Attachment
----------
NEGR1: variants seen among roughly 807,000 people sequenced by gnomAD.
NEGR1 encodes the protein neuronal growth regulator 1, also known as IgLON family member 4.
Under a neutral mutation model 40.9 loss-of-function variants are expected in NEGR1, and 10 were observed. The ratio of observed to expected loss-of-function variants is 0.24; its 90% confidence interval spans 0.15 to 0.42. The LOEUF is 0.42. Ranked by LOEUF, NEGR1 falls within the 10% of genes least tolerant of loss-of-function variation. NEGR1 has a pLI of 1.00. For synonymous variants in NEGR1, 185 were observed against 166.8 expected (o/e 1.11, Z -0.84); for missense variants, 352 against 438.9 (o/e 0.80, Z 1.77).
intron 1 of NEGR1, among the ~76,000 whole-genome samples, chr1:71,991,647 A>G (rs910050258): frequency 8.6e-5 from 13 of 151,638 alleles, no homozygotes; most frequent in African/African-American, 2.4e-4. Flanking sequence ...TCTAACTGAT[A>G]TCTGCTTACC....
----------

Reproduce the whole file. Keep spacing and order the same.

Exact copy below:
NEGR1: variants seen among roughly 807,000 people sequenced by gnomAD.
NEGR1 encodes the protein neuronal growth regulator 1, also known as IgLON family member 4.
Under a neutral mutation model 40.9 loss-of-function variants are expected in NEGR1, and 10 were observed. The ratio of observed to expected loss-of-function variants is 0.24; its 90% confidence interval spans 0.15 to 0.42. The LOEUF is 0.42. Ranked by LOEUF, NEGR1 falls within the 10% of genes least tolerant of loss-of-function variation. NEGR1 has a pLI of 1.00. For synonymous variants in NEGR1, 185 were observed against 166.8 expected (o/e 1.11, Z -0.84); for missense variants, 352 against 438.9 (o/e 0.80, Z 1.77).
intron 1 of NEGR1, among the ~76,000 whole-genome samples, chr1:71,991,647 A>G (rs910050258): frequency 8.6e-5 from 13 of 151,638 alleles, no homozygotes; most frequent in African/African-American, 2.4e-4. Flanking sequence ...TCTAACTGAT[A>G]TCTGCTTACC....